So far, so polemic. But it is good polemic, lively and engaging (though it badly needs a trim, and  director Nadia Latif is far too indulgent to long static conversations). And the point is well made: many a woman of colour tends white invalids, elderly parents  and children while sorrowfully kept far from her own. The  money is still mostly in soft white hands, the blisters on black ones . And Seacole was a hell of an individual in anyone’s terms. 

     So it begins with Meikle delivering a witty, whistlestop account of Seacole’s childhood , unquenchable energy, total self belief and – not least –  passion for travelling to new scenes and being in camp  (the set is a series of curtains with envelopes and zips, half tent half hospital).  Then in a quick change onstage she becomes a modern care home nurse, while a fussy middle aged white daughter and fed up granndaughter try to engage with a seemingly comatose granny. Who, of course, only comes to life when the brisk cheerful nurses – Meikle and Deja J Bowens – arrive to feed and clean her. In a later sketch the two nurses – one a nanny, her own child an ocean away –  are being patronized by a whiney white American woman who just looooves Jamaica on holiday  and had some actual “ethnic food” and heard reggae there. Eyes roll.  

     And so on, until the long, climactic, dramatically screaming bloodbath of the Crimea (lots of bloodied torsos and random heads) .   “I am more of a mother to these men than their mothers in England!” she cries, and all the ghosts and echoes of the earlier encounters reappear, as do Mary’s own mother-issues . The old mother then gives a lecture on the “fiction of a merit based society” in the West where “they need us but don’t want us”.  

        And its a good argument, and true, and anyone who has had a baby in hospital, a parent in a care home or been tended themselves  with  Caribbean humour, gentleness and tolerance  will find their heart go out lovingly to the Mary portrayed by Kayla Meikle.  The supporting cast are a treat too, Llewella Gideon and, as the white women, Esther Smith, Olivia Williams and Susan Wooldridge. All three are expert shape-changers.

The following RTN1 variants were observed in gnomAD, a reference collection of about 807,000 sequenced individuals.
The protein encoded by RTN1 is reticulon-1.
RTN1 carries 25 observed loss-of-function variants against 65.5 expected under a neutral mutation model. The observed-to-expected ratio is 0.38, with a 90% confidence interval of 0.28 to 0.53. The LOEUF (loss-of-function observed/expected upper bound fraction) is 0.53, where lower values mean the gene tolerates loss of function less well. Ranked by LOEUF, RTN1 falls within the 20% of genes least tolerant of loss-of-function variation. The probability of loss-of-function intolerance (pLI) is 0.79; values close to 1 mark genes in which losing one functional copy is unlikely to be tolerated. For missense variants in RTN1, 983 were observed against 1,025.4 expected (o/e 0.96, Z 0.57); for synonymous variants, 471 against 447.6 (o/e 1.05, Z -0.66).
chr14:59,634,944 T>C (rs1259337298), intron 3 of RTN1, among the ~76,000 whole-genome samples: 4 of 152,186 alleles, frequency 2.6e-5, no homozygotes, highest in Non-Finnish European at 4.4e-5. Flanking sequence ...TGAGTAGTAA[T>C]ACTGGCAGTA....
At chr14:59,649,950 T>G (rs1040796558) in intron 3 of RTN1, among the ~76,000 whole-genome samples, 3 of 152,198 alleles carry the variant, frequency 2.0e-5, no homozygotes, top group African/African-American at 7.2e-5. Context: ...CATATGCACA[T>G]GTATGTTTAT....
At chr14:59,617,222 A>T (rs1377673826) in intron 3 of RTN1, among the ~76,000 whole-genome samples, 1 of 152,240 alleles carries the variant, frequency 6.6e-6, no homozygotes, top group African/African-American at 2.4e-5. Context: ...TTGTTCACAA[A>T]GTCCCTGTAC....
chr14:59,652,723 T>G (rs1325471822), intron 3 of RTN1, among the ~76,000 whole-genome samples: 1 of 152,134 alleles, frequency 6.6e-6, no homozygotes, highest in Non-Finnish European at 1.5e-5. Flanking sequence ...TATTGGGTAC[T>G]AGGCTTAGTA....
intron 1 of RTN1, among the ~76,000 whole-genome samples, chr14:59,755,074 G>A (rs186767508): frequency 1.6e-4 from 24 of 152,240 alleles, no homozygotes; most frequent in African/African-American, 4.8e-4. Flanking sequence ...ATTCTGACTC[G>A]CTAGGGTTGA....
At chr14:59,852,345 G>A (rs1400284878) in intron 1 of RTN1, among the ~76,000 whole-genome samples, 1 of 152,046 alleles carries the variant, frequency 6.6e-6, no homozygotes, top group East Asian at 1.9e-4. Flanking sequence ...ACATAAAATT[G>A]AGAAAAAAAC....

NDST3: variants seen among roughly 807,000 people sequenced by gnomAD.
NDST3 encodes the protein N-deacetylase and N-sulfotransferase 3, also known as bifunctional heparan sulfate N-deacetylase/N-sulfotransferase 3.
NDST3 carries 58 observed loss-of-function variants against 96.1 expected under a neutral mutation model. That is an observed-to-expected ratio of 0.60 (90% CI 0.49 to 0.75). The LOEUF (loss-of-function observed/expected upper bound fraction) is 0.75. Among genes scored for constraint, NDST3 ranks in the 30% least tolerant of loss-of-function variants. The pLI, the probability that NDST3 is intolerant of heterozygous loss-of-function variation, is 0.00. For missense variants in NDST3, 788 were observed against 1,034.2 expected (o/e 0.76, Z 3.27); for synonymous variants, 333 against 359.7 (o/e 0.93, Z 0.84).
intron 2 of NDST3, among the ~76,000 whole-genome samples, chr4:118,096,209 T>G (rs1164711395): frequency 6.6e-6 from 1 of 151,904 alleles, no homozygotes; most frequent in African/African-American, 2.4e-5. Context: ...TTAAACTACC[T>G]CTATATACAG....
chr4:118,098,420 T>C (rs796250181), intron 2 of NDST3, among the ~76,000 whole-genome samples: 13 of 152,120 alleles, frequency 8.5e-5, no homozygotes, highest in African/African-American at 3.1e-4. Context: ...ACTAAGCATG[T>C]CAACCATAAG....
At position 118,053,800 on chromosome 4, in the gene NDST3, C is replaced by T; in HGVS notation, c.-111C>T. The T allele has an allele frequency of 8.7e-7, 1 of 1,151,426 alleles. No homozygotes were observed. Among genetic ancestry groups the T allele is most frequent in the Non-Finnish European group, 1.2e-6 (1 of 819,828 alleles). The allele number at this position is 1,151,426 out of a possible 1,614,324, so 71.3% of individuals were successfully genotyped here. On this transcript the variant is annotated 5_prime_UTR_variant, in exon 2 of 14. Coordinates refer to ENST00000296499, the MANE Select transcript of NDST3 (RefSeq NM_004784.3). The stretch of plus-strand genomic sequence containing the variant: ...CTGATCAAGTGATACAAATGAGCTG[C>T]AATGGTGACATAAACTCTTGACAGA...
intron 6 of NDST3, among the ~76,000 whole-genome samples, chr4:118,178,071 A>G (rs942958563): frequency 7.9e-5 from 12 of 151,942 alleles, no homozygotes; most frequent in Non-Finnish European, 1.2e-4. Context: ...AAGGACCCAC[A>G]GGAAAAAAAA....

The content-advisory, by the way, mentions “Strong language,Partial nudity,Blood, guts and gore, Dementia, Defecation, Euthanasia,Strobe lighting, Vomiting, Gunshot and cannon fire, Warzone simulation, Childbirth and Alcohol use” But hey, that’s nursing for you! to 4 june

Rating.   Four, just!

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MIDDLE Dorfman, SE1


     Ah, middle age! Waists spreading outwards, options  contracting, marriage all too familiar, parents getting older fast and children taking their time about it. Media culture nags you, especially if you’re a woman, to be your best, cultivate peak “wellness” and treat your “mental health” like a Ming vase.  And just as the nation becomes fixated on the idea of menopause as a living nightmare ,and all women of a dignified age  doomed without chemicals , along comes clever David Eldridge with this two-hander.

     It opens at 430 am in a six-bedroom Essex house, with Maggie in her nightie informing poor Gary (who has only got up for a piss) that she doesn’t love him any more. Various clues are in the programme if you can face it: essays on male workaholism and stress, the isolation of new Mums, and marriages going stale.  On cue, , once Barry has got his bearings a bit Magggie explains further: she doesn’t really  get on with their 8 year old daughter, suffered agonies of loneliness in five years as a full time Mum since she was bored by all the other Mums . Going back to work hasn’t helped much because she once dreamed, after “uni”, of a job in telly or film, and her friend got to be a Carlton TV runner and she just went into HR but “I am so much more than that”.  Oh,, and by the way, she didnt enjoy that Valentine weekend they just had, or the two bouts of sex. News which upsets Gary almost as much as the dearth of her love. He thought it was a good weekend.